The loans are exposed to the shareholders and a special committee is set up to monitor The West Hill & Wimbledon Park Estates

The whole matter erupts in the main board minutes on 27th February 1846 at an Adjourned General Meeting. The original meeting was to have been on 13th February 1846 where a committee was appointed that reported on the 27th – fast work. The committee reported [read the the full initial nine page report as a PDF here].

“Your committee find that the sum of £336,217 has been lent on mortgage and other securities of varied character – two mortgages of large amount have been recently taken of the Managing Director in which there appears to be a degree of confidence exercised…….on the part of the Board of Directors which in the estimation of your committee is not altogether justifiable.

Your committee are unable to offer an opting upon the value of these estates, but from the very large advances made thereon, contrary to the rule of the office…..which is only to lend on two thirds of the value of the Estates…….”

There is then a series of periodic reports from West Hill and Wimbledon Park Estate Committee for the period 27th February 1846 and 23rd February 1850 as a PDF.

There is an interesting inscription at the head of CFO’s Drummonds account book, which is quite illuminating.

The head of CFO’s 1845 Drummonds account book/ledger. ‘J A Beaumont to draw but drafts [cheques] above £2,000 to be countersigned by two directors.’ By kind permission of NatWest.
So we wondered if this had been imposed as a result of early rumblings and so the 1835 book was examined which has the same wording.

The head of CFO’s 1835 Drummonds account book/ledger which also states. ‘J A Beaumont to draw but drafts [cheques] above £2,000 to be countersigned by two directors.’ By kind permission of NatWest.
The implication being that Beaumont cannot simply have written the cheques himself, but must have had the active assistance of two other directors. This goes a long way to explaining why the board is so keen to soft pedal the whole affair.

Special report of February 1850 detailing the extent of the loans and progress in paying them down

There is then a fascinating special report from the Committee set up to oversee The West Hill and Wimbledon Estate in the CFO minutes. This sets out in some detail exactly what the extant mortgage amounts were. Read the PDF of the special report to the Board here and make up your own mind!

CFO Directors’ minute books 23rd February 1850. By kind permission of RSA Group. LMA CLC/B/192/MS31907/007

The thing that does shine through all of this is the inordinate amount of time that The Board of Directors were expending on keeping an eye on their Managing Director’s property empire. This must have been a massive distraction from running an insurance concern.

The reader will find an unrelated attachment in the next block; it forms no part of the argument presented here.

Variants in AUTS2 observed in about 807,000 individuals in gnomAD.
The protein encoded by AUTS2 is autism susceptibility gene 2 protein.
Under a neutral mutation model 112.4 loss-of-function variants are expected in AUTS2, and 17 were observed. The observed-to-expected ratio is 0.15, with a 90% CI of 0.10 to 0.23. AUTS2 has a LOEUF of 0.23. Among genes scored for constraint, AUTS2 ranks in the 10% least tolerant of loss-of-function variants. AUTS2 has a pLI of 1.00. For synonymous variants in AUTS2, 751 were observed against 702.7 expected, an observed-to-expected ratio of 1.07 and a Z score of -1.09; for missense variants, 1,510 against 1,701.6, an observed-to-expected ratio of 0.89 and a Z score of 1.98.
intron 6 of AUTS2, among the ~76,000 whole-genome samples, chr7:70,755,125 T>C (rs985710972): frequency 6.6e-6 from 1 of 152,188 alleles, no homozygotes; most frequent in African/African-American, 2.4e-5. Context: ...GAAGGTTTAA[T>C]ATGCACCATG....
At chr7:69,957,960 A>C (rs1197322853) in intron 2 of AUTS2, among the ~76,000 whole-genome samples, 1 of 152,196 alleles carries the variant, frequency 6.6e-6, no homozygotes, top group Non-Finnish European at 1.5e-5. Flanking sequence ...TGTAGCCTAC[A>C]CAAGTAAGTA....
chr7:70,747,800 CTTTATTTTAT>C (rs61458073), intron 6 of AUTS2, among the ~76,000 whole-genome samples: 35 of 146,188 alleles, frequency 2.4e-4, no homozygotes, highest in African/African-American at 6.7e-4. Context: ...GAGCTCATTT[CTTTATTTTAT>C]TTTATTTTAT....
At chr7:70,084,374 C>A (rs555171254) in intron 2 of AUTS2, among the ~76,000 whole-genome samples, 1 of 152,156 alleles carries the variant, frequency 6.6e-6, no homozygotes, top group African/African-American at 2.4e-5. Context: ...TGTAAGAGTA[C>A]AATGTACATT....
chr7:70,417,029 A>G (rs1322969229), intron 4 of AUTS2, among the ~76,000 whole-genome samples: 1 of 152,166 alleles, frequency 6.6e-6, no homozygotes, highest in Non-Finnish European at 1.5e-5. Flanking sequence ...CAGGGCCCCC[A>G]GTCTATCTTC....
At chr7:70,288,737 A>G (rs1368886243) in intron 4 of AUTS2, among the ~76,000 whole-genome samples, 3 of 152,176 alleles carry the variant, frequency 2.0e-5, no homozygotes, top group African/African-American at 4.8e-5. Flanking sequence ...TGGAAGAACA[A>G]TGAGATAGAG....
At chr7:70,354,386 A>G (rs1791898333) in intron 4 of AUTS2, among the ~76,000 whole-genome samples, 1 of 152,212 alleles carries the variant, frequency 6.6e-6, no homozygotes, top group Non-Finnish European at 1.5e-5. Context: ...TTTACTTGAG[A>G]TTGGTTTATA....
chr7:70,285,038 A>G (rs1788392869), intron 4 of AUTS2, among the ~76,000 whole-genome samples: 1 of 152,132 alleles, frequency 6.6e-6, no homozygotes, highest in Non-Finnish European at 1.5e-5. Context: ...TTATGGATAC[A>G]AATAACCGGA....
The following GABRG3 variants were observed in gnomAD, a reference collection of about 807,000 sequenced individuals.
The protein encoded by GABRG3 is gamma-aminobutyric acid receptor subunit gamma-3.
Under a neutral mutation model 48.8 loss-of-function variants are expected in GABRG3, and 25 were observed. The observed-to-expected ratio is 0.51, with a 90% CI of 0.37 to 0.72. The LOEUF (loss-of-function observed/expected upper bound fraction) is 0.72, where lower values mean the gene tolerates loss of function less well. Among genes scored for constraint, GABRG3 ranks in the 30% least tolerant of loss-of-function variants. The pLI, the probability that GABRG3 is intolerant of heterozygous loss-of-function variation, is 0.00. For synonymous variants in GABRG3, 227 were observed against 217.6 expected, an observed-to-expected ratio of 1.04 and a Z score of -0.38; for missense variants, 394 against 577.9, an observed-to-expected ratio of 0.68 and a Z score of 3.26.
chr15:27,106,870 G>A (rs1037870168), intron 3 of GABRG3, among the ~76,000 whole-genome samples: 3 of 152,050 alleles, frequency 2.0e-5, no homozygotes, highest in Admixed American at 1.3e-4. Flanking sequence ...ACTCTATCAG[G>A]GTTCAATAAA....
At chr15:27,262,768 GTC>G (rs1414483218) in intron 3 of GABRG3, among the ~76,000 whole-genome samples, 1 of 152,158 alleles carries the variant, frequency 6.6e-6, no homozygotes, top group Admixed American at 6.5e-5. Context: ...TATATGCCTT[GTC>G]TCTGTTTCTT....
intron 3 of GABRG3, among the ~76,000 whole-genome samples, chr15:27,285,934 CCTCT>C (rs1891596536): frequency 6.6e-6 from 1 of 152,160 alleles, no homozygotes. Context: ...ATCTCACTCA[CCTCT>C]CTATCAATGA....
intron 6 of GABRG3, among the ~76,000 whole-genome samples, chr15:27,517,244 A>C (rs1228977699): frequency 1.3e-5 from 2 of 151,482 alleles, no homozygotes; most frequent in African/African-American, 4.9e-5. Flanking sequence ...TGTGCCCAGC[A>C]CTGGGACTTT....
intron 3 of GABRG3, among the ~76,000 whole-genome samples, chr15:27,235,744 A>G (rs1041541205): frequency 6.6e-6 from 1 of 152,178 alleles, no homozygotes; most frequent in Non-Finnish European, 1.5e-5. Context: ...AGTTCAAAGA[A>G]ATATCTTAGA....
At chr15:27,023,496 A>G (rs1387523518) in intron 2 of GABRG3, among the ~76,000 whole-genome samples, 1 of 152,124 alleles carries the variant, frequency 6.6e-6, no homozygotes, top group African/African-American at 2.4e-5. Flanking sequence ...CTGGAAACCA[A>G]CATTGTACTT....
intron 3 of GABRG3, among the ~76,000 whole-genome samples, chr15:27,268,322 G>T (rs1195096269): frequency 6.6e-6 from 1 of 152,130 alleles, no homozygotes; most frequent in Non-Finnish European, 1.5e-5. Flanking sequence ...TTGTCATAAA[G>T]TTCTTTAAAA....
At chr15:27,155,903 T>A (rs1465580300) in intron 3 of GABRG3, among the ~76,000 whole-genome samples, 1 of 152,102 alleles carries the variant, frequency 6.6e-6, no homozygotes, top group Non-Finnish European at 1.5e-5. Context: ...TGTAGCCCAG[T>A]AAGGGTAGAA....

Winding down the loans

You can read the minutes relating to The West Hill and Wimbledon Park Estate Committee, after the February 1850 special report,  setup by the CFO Board here. You can unusually see the values of the transactions, between CFO and the Cotton Finches family, that are made either side of where Wimbledon Park Road joins Merton Road in these minutes. The Board were clearly very concerned to draw a line under this matter but at the same time to keep a very close eye on what was going on.

The mortgages are nearly paid off
CFO Board Minute of 18th February 1859 containing the transcript of a letter from the special committee set up by CFO to monitor the West Hill and Wimbledon Park Estates – thus signalling the end of the great mortgage fiasco was drawing to a close. LMA CLC/B/192/MS31907/008

The effects on the business are all too easy to see from the account books which largely survive.

The CFO account books

These make it clear that at one point 109% of the entire asset value of CFO was tied up in mortgages. It was over 100% as some of the other assets had a negative book value in the accounting conventions of the time. This clearly was not a great position that such a large percentage of the assets were tied up in one potentially illiquid asset class.

Also it may be worth the thought that using the company’s assets in this way stunted the growth of the company. It is probably not a coincidence that the assets value and turnover of the company stated to increase sharply as the assets were used better for the overall function of the business.

YearMortgagesTotal Assets% Mortgages

It is worth noting that the presentation of the accounts changed in 1850 to what we would now recognise as a balance sheet. So it is possible that the pre 1850 accounts may not be totally comparable with the post 1850 ones. However, there is a distinct pattern to events.²

Financial sanity and diversity was clearly being restored quite rapidly in 1859 to 1860 when the situation came under control.

County Fire Office Balance Sheet for 31st December 1857. By kinds permission of RSA Group.
County Fire Office Balance Sheet for 31st December 1857. By kind permission of RSA Group. LMA CLC/B/192/MS31914 Vols 002 & 003.